Enough with Rizal
How far has media strayed away from the big three, Rizal, Bonifacio, and Aguinaldo? Not far. Last year we had Bonifacio: Ang Unang Pangulo. Three years ago we had El Presidente, Aguinaldo’s biopic, and Jose Rizal: The First Hero. I’m ready to bet my money that there will be another movie featuring these three next year. In Filipino, sawang-sawa na ako sa kanilang tatlo. Our history is so rich with historical figures and it pains me to see these three’s stories repeat over and over. We are in the time of remakes, reboots and sequels and yet I don’t see anyone unearthing the stories of our buried heroes in the best way possible, meaning, not limiting them to just holidays on a calendar or an illustration and words in our history books. A biopic on Lapu-Lapu was released 13 years ago! Where’s the movie on Apolinario Mabini? Don’t even get me started on the lack of representation of women’s contribution to our long battle to freedom. Antonio Luna wouldn’t be my first choice, but it’s a great start.
How much do we actually know about the general? He’s Juan Luna’s brother. He has a great mustache. He was part of Rizal’s squad back in Madrid. Heneral Luna gets to focus a name that we know but a person we don’t.
The End of Hero Glorification
Filipinos sure do know how to glorify things. We can see this in our fandoms. From One Direction to Naruto, Filipinos are intense in expressing their love and fascination. I believe this why it’s so hard for screenwriters to make a script that depicts the big three as actual human beings. Rizal must always be a spitting image of a Renaissance man with the cleanest conscience and clearest moral compass. Bonifacio must be the man of action who gets martyred by the intelligent and merciless Aguinaldo. These are not our heroes; they are their legacies that they left behind. It’s all good when we learn this in a classroom setting when we were in elementary. But when you distribute media for the general public that is designed for children who cannot think in a different perspective and grasp the whole truth, that’s where we have a problem. If you say smack about any of the three (well, you can exercise that right with Aguinaldo just a bit) then you are dead meat in this country.
But here we have Heneral Luna, calling the general that has an abroad education and that was friends with Jose Rizal a lunatic. There is no indication that Antonio Luna is the perfect role model that we should be shoving down our children’s throats. He is a war freak and his blood lust is off the charts. Yet he uses his violence for the sake of our freedom. There is subjectivity. There is humanity. It’s not plain boring hero glorification. This movie finally gives us a story on a hero that cannot be merely explained by our history textbooks. Now isn’t that the goal of every period film?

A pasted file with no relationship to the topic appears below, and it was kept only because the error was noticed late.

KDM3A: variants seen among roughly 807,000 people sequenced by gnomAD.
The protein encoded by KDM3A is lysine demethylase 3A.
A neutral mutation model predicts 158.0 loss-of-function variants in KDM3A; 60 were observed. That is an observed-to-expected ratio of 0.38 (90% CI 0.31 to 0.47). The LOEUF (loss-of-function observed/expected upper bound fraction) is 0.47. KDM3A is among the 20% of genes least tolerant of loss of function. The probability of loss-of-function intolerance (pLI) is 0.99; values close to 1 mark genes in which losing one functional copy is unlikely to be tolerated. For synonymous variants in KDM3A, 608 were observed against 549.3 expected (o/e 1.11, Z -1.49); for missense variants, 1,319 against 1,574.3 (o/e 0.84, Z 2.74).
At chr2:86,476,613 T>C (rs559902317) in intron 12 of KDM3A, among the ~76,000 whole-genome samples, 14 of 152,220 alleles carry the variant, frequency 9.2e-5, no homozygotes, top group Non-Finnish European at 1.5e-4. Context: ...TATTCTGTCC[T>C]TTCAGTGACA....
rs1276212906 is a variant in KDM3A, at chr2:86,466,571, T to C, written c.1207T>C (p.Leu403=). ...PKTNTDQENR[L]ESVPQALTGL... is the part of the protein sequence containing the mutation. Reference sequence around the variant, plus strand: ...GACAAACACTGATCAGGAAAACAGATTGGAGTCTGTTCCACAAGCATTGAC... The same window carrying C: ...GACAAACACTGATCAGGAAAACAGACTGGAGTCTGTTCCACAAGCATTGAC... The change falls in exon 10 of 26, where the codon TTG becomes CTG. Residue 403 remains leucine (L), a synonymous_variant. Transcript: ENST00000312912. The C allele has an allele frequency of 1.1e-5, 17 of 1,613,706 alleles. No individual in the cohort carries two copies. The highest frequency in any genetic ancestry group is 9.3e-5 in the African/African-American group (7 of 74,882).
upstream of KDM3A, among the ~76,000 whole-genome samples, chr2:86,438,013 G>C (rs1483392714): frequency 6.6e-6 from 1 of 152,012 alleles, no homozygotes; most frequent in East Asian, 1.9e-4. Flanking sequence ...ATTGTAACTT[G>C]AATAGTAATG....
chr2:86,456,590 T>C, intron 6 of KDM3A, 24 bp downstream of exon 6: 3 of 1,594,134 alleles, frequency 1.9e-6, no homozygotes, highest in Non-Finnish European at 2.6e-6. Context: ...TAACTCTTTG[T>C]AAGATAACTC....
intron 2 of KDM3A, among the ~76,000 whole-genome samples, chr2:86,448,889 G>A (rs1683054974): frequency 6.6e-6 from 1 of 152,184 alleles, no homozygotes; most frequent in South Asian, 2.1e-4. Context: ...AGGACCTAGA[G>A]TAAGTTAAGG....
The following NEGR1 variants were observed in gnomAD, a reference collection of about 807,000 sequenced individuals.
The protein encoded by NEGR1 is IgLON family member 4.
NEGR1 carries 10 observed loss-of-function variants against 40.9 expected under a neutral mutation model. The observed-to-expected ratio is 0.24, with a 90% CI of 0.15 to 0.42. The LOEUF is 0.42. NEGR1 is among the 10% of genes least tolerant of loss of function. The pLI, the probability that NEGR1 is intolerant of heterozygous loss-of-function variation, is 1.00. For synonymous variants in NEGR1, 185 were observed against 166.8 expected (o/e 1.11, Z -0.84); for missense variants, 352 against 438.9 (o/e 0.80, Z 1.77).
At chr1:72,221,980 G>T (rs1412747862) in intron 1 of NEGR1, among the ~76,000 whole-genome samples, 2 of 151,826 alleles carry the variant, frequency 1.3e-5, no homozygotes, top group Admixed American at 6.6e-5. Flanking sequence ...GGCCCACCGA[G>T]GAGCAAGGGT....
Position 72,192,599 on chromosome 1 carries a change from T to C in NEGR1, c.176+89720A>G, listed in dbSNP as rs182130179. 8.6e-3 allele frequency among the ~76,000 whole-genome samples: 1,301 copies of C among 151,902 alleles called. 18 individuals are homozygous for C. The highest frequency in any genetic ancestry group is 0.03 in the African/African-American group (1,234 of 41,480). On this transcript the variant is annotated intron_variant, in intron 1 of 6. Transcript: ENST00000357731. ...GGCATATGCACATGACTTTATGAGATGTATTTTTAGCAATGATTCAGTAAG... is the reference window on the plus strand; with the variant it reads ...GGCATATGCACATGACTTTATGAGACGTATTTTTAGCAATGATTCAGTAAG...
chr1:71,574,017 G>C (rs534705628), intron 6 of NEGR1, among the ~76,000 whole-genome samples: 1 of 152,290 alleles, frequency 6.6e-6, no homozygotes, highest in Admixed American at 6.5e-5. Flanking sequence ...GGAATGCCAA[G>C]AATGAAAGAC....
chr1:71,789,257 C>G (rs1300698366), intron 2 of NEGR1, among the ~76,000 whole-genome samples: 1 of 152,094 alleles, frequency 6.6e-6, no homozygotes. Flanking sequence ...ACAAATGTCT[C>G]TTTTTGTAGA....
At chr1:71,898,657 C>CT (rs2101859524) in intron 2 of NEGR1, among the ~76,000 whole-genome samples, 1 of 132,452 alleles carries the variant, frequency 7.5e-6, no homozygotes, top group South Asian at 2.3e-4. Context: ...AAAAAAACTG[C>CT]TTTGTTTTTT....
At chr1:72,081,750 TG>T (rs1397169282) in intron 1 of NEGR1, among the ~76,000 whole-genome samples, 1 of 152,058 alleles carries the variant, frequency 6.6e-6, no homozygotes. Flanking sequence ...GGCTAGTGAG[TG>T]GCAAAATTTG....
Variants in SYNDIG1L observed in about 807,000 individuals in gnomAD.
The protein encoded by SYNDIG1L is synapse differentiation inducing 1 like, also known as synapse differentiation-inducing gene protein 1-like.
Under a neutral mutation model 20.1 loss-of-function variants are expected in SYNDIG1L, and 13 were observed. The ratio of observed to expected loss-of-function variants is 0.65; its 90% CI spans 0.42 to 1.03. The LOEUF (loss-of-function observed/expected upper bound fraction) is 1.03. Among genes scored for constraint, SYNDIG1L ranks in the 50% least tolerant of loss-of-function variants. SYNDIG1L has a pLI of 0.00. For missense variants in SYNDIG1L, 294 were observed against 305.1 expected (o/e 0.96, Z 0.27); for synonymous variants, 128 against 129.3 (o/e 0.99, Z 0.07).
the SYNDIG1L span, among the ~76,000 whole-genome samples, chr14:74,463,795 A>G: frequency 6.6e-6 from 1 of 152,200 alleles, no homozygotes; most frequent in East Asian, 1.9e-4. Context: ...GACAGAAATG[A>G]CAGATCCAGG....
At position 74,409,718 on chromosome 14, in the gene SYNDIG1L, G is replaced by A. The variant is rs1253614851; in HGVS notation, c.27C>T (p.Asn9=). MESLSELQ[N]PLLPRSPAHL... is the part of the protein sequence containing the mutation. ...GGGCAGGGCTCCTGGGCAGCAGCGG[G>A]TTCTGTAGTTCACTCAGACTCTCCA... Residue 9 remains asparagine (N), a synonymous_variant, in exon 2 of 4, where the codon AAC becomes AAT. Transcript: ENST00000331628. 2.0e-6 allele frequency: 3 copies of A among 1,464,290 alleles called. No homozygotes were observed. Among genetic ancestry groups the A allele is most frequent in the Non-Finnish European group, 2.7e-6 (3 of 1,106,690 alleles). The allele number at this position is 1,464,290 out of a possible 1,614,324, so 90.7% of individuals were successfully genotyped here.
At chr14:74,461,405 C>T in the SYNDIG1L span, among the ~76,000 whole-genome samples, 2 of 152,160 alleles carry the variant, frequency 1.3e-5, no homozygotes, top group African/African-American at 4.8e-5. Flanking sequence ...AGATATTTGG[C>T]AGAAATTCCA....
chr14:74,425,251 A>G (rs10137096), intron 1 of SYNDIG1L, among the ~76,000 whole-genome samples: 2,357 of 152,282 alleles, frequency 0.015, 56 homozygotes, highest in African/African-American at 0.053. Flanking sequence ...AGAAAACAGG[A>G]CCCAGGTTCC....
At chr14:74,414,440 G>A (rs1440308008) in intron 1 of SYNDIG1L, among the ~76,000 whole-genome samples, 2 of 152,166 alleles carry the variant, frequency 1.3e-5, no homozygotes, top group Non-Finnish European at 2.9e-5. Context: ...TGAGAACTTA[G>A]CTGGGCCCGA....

Through the years, I believe that the cinematography for historical movies has improved. We have so many resources that are leftover from our past. The problem is we do not have the technology like Hollywood to enhance these authentic sets to give the shot a total feel of the past. However, if you watch the video above, Heneral Luna’s cinematographer Pong Ignacio talks about what he did in the film and you can tell that they really stepped up their game. There was much research and dedication given into the making of this film that you just cannot overlook. Ignacio says that it was the director, Jerrold Tarog, who pushed him to this level. Jerrold Tarog must be one of our most prominent directors in the film industry. He directed Mariquina, Sana Dati, Senior Year and several Shake Rattle and Roll films. Just mentioning some of his films should give you enough reassurance that he knows what he’s doing here.
So please, give this movie the hype it deserves. It’s about time we finally have a movie like this and I’m just glad I’m alive to see our film industry improve so much.
- Anna Cayco
Illustration by Gii Encarnation